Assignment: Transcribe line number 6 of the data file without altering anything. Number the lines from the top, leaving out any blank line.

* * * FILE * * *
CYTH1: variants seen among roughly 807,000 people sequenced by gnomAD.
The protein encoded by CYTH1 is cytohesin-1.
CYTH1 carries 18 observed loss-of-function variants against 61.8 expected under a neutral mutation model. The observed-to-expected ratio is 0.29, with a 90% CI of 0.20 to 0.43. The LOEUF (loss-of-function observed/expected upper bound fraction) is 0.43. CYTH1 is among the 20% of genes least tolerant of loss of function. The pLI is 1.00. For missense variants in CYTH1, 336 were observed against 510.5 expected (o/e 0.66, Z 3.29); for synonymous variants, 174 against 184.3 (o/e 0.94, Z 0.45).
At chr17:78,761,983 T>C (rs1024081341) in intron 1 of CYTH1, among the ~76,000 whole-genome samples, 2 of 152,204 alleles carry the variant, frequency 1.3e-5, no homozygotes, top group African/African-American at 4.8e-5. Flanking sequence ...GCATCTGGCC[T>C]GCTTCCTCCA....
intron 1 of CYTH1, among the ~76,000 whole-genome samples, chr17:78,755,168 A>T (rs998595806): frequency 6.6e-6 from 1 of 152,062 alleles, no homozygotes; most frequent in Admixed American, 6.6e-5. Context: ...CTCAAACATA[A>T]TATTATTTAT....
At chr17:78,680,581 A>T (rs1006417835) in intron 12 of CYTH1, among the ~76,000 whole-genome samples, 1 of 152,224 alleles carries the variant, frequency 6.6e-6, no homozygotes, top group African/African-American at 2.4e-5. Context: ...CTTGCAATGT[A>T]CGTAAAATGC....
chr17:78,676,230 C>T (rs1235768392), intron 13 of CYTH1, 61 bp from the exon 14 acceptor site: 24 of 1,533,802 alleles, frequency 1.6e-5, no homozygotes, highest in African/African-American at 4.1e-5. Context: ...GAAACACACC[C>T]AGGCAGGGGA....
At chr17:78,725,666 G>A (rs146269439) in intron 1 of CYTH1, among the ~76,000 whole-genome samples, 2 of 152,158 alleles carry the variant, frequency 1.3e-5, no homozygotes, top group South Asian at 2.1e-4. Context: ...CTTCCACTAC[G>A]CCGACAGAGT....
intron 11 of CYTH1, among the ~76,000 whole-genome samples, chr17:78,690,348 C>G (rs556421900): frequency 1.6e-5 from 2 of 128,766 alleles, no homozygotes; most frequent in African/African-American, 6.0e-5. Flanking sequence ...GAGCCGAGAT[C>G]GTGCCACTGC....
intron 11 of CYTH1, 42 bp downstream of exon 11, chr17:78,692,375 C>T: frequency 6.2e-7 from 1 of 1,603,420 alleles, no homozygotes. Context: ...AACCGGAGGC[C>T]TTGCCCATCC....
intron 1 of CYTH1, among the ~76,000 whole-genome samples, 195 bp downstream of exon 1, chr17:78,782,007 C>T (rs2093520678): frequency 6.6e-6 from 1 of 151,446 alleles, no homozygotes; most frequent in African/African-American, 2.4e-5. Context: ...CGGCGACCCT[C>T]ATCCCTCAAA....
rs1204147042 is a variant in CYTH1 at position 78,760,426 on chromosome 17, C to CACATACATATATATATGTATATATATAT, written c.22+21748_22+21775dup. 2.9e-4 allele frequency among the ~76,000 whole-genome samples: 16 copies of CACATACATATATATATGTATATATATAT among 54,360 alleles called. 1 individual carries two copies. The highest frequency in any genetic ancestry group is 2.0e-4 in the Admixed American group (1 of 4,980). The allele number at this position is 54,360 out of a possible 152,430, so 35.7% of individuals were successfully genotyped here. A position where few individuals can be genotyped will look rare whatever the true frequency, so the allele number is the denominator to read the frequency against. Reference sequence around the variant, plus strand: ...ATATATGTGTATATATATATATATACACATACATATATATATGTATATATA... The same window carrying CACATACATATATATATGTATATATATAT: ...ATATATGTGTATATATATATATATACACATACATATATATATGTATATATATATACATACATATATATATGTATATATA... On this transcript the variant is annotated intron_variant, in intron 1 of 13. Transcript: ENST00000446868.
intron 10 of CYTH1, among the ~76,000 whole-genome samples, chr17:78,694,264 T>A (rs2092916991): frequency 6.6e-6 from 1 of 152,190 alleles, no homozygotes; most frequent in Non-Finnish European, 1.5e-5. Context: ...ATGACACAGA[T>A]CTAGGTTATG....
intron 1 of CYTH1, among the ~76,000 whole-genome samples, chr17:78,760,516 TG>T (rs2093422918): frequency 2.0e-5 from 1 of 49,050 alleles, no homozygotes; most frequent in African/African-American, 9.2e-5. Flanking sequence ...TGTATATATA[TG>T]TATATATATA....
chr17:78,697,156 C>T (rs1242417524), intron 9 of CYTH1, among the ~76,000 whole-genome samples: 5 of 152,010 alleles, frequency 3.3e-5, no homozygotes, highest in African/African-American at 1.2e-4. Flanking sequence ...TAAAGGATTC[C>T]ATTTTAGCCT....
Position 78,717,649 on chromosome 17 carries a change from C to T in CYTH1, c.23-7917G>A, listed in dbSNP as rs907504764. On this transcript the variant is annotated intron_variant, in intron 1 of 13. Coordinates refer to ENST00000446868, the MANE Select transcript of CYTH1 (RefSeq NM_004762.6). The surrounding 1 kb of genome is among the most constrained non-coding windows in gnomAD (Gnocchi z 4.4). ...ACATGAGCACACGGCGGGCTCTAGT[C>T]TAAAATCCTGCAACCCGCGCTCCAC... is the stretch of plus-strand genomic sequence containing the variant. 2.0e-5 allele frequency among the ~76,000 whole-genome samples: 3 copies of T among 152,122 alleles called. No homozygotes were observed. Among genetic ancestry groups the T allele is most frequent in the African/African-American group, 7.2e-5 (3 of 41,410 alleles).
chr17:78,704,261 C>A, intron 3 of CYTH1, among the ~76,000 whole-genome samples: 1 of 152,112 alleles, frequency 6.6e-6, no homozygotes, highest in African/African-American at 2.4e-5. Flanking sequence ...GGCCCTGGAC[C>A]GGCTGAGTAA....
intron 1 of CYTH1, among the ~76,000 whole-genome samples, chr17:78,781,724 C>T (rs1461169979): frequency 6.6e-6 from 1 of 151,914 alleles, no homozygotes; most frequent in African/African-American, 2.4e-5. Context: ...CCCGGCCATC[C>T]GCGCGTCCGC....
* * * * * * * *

At chr17:78,680,581 A>T (rs1006417835) in intron 12 of CYTH1, among the ~76,000 whole-genome samples, 1 of 152,224 alleles carries the variant, frequency 6.6e-6, no homozygotes, top group African/African-American at 2.4e-5. Context: ...CTTGCAATGT[A>T]CGTAAAATGC....